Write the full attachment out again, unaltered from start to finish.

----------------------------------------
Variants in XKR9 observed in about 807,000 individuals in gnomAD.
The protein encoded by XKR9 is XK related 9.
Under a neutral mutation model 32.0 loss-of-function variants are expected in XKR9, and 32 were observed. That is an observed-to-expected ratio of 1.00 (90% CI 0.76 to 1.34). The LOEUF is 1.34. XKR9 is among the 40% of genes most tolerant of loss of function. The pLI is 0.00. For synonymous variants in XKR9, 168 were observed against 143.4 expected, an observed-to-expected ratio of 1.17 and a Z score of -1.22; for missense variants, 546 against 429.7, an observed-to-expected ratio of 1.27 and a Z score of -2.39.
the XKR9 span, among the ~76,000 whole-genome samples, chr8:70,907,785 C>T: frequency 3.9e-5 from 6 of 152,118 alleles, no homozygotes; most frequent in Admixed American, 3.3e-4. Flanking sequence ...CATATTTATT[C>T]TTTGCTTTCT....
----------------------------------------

Variants in XKR9 observed in about 807,000 individuals in gnomAD.
The protein encoded by XKR9 is XK related 9.
Under a neutral mutation model 32.0 loss-of-function variants are expected in XKR9, and 32 were observed. That is an observed-to-expected ratio of 1.00 (90% CI 0.76 to 1.34). The LOEUF is 1.34. XKR9 is among the 40% of genes most tolerant of loss of function. The pLI is 0.00. For synonymous variants in XKR9, 168 were observed against 143.4 expected, an observed-to-expected ratio of 1.17 and a Z score of -1.22; for missense variants, 546 against 429.7, an observed-to-expected ratio of 1.27 and a Z score of -2.39.
the XKR9 span, among the ~76,000 whole-genome samples, chr8:70,907,785 C>T: frequency 3.9e-5 from 6 of 152,118 alleles, no homozygotes; most frequent in Admixed American, 3.3e-4. Flanking sequence ...CATATTTATT[C>T]TTTGCTTTCT....